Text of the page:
As autumn transitions into winter, birthmothers may encounter health challenges that stand in sharp contrast to the carefree cheer of the holiday season. Although pregnant and postpartum women always face some unique health concerns, the winter months can add new complicating factors that merit their attention.
Whether you have a winter due date or your recovery from childbirth coincides with that time of year, you’ll benefit from an understanding of how the season might affect your body and mind. Take a look at five common winter health risks for birthmothers, along with some useful tips for avoiding or minimizing them.
1. Seasonal Disease Outbreaks
You may already know that communicable viruses tend to spike during the winter months, partly due to the colder, drier air and partly due to people’s tendency to gather indoors for holiday celebrations or reunions. These seasonal outbreaks pose dangers to anyone, but they can create extra concerns for pregnant women.
COVID-19 continues to threaten the U.S. population. Pregnant women run a greater risk of severe illness from this virus than the general population, according to the CDC. They also have an elevated risk for pregnancy complications compared to women who haven’t contracted COVID-19. Close quarters in the winter season increase your risk of contracting the disease, so take proper precautions.
Of course, there are a few other illnesses that are most prevalent in winter. These include the common cold, influenza, pneumonia, and stomach viruses. Take care to avoid contact with those who exhibit symptoms of illness, such as nausea, fever, cough, or sore throat. Be sure to give extra attention to personal hygiene and sanitation, and see a doctor if you suspect you’ve contracted an illness.
Pregnant birthmothers need to stay hydrated since the body requires even more water intake than usual during these critical months. Unfortunately, dry air can dehydrate you rapidly, while cold temperatures don’t trigger thirst, and therefore water consumption, the way hot temperatures do.
Whether you feel thirsty or not, you should make a point of drinking 8 to 12 glasses of water a day while pregnant. The urine of a well-hydrated person should appear almost colorless. You can also get water from fruits and vegetables. Avoid caffeinated beverages since these drinks actually promote water loss.
Dry winter air and hormonal changes can conspire against your skin during pregnancy. Going from one temperature extreme to another can aggravate this dryness. Results may include flaky, itchy, irritated skin. As you boost your water consumption, apply moisturizers and avoid perfumed skin products to minimize dryness and discomfort.
3. Winter Injuries
For many active individuals, winter means winter sports. However, while exercise can support good health throughout your pregnancy, you should steer clear of certain winter sports such as skiing and sledding. A fall on the ice or impact with a tree or other stationary object could injure both you and your unborn child.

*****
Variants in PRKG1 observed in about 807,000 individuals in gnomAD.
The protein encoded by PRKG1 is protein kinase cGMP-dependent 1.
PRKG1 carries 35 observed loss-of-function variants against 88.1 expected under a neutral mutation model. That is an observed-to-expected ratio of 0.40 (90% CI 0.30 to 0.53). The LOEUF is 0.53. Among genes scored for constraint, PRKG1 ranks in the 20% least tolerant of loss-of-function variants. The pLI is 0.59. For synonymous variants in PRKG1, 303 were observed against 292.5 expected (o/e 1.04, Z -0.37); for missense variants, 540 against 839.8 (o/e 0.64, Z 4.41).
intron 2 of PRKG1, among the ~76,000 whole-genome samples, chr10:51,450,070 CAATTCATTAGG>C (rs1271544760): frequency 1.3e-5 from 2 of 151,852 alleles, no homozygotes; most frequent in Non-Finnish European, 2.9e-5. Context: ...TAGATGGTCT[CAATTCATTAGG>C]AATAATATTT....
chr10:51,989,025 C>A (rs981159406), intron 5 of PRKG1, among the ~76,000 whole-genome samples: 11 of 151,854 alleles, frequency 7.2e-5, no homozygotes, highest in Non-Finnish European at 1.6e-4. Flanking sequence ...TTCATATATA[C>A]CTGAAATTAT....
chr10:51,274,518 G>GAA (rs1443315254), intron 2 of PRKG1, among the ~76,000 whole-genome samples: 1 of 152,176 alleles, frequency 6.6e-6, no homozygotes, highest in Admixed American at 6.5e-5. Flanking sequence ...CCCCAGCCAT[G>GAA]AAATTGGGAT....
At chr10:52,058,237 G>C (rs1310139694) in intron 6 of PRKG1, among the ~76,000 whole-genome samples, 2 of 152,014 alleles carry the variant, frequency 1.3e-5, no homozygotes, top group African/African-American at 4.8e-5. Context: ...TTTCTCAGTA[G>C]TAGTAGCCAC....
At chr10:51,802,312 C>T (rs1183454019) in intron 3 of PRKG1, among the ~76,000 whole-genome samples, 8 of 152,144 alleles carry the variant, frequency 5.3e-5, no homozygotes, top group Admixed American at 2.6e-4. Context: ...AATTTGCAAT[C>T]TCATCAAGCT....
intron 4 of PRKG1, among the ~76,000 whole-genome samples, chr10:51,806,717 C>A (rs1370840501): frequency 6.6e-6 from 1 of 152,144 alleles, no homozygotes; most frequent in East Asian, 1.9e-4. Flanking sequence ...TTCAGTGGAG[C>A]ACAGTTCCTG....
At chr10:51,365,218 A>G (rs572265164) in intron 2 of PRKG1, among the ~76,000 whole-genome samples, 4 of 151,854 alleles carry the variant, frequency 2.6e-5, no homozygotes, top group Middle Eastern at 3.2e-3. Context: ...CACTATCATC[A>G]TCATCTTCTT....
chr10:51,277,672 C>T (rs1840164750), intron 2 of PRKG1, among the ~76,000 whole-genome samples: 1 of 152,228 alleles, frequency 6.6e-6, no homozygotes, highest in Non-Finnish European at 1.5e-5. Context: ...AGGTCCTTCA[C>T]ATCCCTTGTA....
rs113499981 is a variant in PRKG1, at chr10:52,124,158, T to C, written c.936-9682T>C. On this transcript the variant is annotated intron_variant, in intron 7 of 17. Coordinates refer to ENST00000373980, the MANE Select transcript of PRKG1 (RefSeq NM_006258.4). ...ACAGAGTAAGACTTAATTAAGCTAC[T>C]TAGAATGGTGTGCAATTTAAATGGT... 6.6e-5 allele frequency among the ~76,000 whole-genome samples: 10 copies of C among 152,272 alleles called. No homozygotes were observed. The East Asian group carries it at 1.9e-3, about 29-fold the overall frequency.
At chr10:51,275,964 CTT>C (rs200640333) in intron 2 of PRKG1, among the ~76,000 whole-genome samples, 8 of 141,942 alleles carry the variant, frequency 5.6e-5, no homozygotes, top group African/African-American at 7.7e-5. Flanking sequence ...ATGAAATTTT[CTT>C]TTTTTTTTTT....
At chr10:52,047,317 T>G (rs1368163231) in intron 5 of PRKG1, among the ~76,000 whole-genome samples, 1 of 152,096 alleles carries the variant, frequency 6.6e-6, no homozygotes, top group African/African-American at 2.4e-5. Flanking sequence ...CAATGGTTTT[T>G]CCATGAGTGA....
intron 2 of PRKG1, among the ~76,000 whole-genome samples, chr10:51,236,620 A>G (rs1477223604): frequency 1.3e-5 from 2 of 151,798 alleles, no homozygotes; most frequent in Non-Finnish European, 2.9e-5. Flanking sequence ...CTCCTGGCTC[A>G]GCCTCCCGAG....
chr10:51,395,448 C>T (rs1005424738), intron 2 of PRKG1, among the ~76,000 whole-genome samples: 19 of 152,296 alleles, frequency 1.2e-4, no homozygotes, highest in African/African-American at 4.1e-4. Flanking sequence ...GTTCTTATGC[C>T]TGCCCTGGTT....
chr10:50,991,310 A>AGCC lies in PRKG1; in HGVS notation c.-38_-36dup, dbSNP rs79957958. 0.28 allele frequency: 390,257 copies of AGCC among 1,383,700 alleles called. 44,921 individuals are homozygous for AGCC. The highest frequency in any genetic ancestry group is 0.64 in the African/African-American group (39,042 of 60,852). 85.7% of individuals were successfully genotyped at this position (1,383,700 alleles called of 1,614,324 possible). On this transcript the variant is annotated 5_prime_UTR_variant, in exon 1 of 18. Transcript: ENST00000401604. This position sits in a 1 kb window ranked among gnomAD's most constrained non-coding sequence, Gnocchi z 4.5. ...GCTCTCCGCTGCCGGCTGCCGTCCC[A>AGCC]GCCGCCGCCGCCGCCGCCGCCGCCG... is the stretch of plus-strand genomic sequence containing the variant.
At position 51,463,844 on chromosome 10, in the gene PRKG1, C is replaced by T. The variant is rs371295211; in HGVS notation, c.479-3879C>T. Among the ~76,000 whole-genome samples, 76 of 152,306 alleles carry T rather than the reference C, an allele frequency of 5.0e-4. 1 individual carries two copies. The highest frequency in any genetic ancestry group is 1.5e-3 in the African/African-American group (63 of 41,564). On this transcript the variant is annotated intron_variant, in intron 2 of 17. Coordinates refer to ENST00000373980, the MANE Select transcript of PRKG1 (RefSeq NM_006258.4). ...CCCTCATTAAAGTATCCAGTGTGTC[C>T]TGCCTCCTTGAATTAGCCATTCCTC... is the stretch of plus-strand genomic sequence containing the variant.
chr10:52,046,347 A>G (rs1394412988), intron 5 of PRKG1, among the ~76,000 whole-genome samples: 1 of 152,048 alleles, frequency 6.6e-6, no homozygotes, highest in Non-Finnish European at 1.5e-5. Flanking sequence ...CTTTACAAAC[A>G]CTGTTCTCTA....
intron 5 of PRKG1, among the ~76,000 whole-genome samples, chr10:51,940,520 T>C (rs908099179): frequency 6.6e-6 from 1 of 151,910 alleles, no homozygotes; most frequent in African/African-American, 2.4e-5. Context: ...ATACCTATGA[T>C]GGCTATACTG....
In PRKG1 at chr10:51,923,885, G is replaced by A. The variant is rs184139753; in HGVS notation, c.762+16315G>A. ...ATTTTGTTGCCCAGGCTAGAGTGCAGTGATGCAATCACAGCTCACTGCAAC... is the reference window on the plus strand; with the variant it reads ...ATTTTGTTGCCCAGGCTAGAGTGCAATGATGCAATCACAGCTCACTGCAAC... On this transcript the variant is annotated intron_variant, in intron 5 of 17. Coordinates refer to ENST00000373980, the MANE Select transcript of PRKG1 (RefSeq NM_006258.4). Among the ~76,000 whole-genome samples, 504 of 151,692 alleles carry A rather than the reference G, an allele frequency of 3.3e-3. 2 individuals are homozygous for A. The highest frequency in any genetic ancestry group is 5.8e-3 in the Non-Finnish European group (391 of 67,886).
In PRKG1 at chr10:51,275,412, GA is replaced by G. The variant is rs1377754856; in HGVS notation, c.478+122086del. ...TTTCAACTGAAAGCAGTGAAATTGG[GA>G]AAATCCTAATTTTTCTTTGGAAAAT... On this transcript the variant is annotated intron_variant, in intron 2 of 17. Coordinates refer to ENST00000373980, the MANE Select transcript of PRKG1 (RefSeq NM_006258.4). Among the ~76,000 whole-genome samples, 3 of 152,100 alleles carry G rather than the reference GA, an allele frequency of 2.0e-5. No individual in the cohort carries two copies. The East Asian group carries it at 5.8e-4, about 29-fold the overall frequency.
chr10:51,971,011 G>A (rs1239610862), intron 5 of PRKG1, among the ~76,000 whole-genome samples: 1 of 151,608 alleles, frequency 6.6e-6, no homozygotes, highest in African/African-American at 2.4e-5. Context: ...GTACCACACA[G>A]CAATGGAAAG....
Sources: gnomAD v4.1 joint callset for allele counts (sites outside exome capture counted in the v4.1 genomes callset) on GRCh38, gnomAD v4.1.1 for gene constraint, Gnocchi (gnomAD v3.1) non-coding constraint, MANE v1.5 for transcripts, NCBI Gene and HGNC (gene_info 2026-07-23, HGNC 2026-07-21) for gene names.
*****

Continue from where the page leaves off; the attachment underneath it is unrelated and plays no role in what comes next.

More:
Even if you don’t indulge in winter sports, you should tread carefully during snowy, icy winter weather. Avoid walking on slick surfaces whenever possible, and let someone else perform seasonal heavy labor such as shoveling snow from your walk.
Don’t overreact to the winter temperatures by jumping into a hot tub or sauna. These environments can cause your body to overheat, which in turn may impact fetal development. As your pregnancy progresses, overheating can reduce the available blood flow to the uterus, another potential threat to the baby.
4. Dietary and Nutritional Concerns
Winter holidays typically mean indulgence in enormous meals, after-meal sweets, and other dietary misbehaviors. Pregnant birthmothers should think twice before skipping meals to save their appetites for a larger holiday meal. You can still enjoy the holidays by maintaining balanced nutrition, substituting sweets with fruits, and avoiding alcoholic beverages.
You may find it harder to maintain your nutritional balance during the winter. Shorter days that produce less sunlight reduce your body’s ability to get the vitamin D it produces through sun exposure. Consider supplementing your daily dietary intake with at least 25 micrograms of vitamin D for the duration of your pregnancy.
5. Seasonal Affective Disorder
The same gray winter skies that can deprive you of vitamin D can also leave you with an emotional challenge known as seasonal affective disorder, or SAD. While some individuals develop SAD in the spring or summer, the syndrome commonly occurs when shorter days and cloudy weather disrupt the human biological clock.
Fall and winter SAD symptoms include fatigue, sluggishness, weight gain, oversleeping, and unexplained carbohydrate cravings. You might also experience severe depression, poor mental focus, and loss of interest in your favorite activities or subjects. Individuals with depression or bipolar disorder have an elevated risk for SAD.
Medical treatment can help you safely fight the effects of SAD during or following pregnancy. Your doctor may prescribe medications to relieve biochemical imbalances. Artificial light therapy or natural sunlight exposure can also prove helpful for SAD. In some cases, birthmothers with SAD may benefit from psychotherapy.
Arizona Adoption Help can help you safeguard your health as you carry a baby or recover from pregnancy. We can provide you with the resources you need, from medical attention and secure lodgings to proper nutrition, throughout the winter months and all year round. Feel free to contact us 24 hours a day.